Historic Crossing

For over 250 years, since 1759, a ferry has been crossing Lake Champlain at the site of the historic Ticonderoga Cable Ferry crossing from Shoreham, VT to Ticonderoga, NY. This ferry operates seasonally from early May until late October. Six-minute trips run daily from 7:00 AM until 6:00 PM. It is an opportunity for you to get both a historic and an “on the water” experience.

Local Creativity

The famous Adirondack Chair was first designed and created in Westport, NY in the early 1900’s. The designer was Thomas Lee, a summer resident at Westport who was in need of sturdy and durable outdoor seating for his family at their summer home. Lee’s friend, Harry Bunnell, a year-round Westport resident, upon seeing Lee’s creation, offered to build some through the winter. He felt they would be hot sellers the following spring. Bunnell did construct chairs through the winter, but also sneakily acquired a patent on Lee’s design without his permission. He named it the “Westport Plank Chair” and his originals are selling for thousands today; hardly fair.

Ironville, a hamlet within the Town of Crown Point and home of the Penfield Homestead Museum, is considered to be the country’s “birthplace of the electrical age.” The Penfield and Taft Iron Company located in Ironville applied the first industrial use of electricity; using the electromagnet to separate iron ore. Iron from these mines went into the steel plates on Civil War ship the USS Monitor as well as into the suspension cables for the Brooklyn Bridge.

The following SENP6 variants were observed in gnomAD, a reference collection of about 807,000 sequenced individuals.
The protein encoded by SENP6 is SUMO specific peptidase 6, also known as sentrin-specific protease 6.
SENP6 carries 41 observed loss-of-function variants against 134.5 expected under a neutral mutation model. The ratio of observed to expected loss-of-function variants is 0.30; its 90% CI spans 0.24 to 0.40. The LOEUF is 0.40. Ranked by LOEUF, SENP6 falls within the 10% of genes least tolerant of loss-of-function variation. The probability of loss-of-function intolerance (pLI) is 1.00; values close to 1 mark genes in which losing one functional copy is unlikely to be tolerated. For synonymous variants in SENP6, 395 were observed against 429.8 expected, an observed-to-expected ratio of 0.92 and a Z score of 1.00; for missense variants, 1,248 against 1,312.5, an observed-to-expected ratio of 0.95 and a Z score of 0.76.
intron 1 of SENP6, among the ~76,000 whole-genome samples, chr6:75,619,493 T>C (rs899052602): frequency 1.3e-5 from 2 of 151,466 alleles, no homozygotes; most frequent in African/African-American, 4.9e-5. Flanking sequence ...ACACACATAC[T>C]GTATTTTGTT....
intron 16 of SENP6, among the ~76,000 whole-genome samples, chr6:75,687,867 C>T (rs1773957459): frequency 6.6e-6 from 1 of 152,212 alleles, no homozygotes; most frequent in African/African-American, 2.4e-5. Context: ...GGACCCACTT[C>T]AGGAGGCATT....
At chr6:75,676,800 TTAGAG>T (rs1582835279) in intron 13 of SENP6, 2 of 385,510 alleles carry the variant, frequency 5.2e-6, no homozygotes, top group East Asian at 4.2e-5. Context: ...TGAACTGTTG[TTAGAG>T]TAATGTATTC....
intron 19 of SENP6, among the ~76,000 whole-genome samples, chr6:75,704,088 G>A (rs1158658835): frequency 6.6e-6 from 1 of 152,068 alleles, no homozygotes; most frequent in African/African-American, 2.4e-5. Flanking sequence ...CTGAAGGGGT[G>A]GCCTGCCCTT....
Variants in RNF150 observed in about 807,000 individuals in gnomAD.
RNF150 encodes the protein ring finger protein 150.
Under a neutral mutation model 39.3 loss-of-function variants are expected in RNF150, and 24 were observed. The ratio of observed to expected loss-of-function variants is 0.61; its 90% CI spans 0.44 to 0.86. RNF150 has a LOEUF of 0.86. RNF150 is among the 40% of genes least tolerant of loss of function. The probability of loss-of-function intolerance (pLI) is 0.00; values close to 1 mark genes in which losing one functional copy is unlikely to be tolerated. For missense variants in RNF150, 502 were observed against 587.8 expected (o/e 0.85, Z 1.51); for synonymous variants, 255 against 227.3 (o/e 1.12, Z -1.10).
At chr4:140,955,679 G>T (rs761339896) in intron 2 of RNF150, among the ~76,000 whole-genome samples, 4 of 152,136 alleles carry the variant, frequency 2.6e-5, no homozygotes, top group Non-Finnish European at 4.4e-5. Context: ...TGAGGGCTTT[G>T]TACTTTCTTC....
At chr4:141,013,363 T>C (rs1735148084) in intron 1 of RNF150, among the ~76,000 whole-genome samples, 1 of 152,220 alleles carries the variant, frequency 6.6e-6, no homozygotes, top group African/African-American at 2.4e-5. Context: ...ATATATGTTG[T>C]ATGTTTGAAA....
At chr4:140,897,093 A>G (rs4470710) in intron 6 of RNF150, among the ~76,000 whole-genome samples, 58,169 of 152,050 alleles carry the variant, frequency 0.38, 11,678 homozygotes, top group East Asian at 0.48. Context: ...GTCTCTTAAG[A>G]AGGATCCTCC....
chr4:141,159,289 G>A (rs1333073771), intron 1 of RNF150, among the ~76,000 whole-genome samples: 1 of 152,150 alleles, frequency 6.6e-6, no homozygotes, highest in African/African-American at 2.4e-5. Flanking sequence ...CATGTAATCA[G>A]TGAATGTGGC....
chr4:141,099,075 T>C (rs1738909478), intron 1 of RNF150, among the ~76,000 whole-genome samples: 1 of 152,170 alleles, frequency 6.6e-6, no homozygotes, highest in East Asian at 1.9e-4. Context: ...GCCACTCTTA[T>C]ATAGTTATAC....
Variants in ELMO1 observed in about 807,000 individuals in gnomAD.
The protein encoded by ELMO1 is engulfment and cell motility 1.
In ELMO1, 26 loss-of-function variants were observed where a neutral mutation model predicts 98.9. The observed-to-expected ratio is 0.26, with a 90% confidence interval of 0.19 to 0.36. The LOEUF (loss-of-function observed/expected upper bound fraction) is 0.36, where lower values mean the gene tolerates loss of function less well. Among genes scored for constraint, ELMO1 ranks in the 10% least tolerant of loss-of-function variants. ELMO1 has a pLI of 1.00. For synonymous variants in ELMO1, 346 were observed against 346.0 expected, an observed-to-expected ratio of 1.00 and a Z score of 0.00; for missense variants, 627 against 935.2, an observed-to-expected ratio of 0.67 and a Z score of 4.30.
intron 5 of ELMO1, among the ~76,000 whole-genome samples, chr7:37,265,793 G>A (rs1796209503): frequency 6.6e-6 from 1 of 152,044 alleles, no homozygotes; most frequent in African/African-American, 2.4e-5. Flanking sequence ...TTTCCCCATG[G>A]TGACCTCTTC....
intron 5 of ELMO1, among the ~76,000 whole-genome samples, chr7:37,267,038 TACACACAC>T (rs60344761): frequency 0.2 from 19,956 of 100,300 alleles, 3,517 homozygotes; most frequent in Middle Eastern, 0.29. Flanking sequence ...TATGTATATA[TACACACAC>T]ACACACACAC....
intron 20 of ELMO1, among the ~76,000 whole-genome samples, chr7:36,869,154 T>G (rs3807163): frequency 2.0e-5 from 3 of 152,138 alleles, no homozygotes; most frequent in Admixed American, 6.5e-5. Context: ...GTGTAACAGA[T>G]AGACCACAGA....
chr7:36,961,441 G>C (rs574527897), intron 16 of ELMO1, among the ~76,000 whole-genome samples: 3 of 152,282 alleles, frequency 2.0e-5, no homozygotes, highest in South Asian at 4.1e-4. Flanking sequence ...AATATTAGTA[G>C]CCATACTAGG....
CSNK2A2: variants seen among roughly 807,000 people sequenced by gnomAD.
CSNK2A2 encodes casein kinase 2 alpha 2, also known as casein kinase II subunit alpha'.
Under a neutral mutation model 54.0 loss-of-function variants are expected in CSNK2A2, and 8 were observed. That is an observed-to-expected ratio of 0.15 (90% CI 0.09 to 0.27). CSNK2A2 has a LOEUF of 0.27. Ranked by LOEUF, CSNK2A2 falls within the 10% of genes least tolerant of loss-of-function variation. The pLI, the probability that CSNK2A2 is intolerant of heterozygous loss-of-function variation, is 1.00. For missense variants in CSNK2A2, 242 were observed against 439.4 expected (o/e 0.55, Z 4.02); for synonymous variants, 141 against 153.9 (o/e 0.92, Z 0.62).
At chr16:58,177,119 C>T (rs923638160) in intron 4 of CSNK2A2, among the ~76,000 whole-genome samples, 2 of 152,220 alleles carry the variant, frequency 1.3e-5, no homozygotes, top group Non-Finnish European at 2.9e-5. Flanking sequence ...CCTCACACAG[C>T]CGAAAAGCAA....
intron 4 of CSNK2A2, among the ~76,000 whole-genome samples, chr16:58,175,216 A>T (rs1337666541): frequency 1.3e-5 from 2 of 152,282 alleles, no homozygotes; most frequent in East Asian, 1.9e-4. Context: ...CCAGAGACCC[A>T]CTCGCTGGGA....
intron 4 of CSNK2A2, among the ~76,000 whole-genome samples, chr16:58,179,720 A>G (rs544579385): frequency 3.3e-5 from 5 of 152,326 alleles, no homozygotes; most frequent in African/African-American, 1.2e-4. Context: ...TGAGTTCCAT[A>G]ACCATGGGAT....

Long before movies were ever made in Hollywood, they were being made right here in the Lake Champlain Region. “Arctic City” was a film studio located in the Village of Port Henry, Town of Moriah. This was during the early 1900’s, the Silent Film Era.  The “Perils of Pauline,” was a famous suspense serial and filmed at “Arctic City.” Lake Champlain itself often played a starring role in these movies posing as the Atlantic Ocean. Of course, this was on days when the weather obscured the view of Vermont.

Sculpture

Often referred to as the “Grand Canyon of the East,” Ausable Chasm is one of the oldest natural tourist attraction in the United States. The Chasm has hosted more than 10 million visitors since 1870. The Ausable River has carved this gorge leaving behind the unique natural sculpture, rock formations, and waterfalls. Visitors today can explore miles of trails and footpaths, raft and tube down the river in summer months, witness ice sculpture and frozen waterfalls in winter months while trekking about on supplied ice cleats. 

The Lake Champlain Region offers some pretty significant man-made sculpture as well. Situated on a point of ground within the NYS DEC Campground at Crown Point is the Champlain Memorial Lighthouse. The lighthouse began as a humble navigational aid in 1858; built in a classic New England style. In the early 1900’s NY and VT residents had a desire to honor Samuel de Champlain. It was the 300th anniversary (1909) of his exploration of the lake that bears his name. It was decided an elaborate memorial would be built and the humble 1858 lighthouse at Crown Point undertook a major remodel. Carl Heber, a well-renowned US sculptor, was commissioned to create the large, lifelike sculpture of Champlain accompanied by two scouts that adorn the memorial today. When France learned that we were honoring one of their countrymen, they offered a gift, an Auguste Rodin bust entitled, “La France.”  Both of these significant sculptures adorn the Champlain Memorial Lighthouse today and would welcome your visit. Come to see for yourself.

Paddling and Birding in Ticonderoga Marsh
Split Rock Wild Forest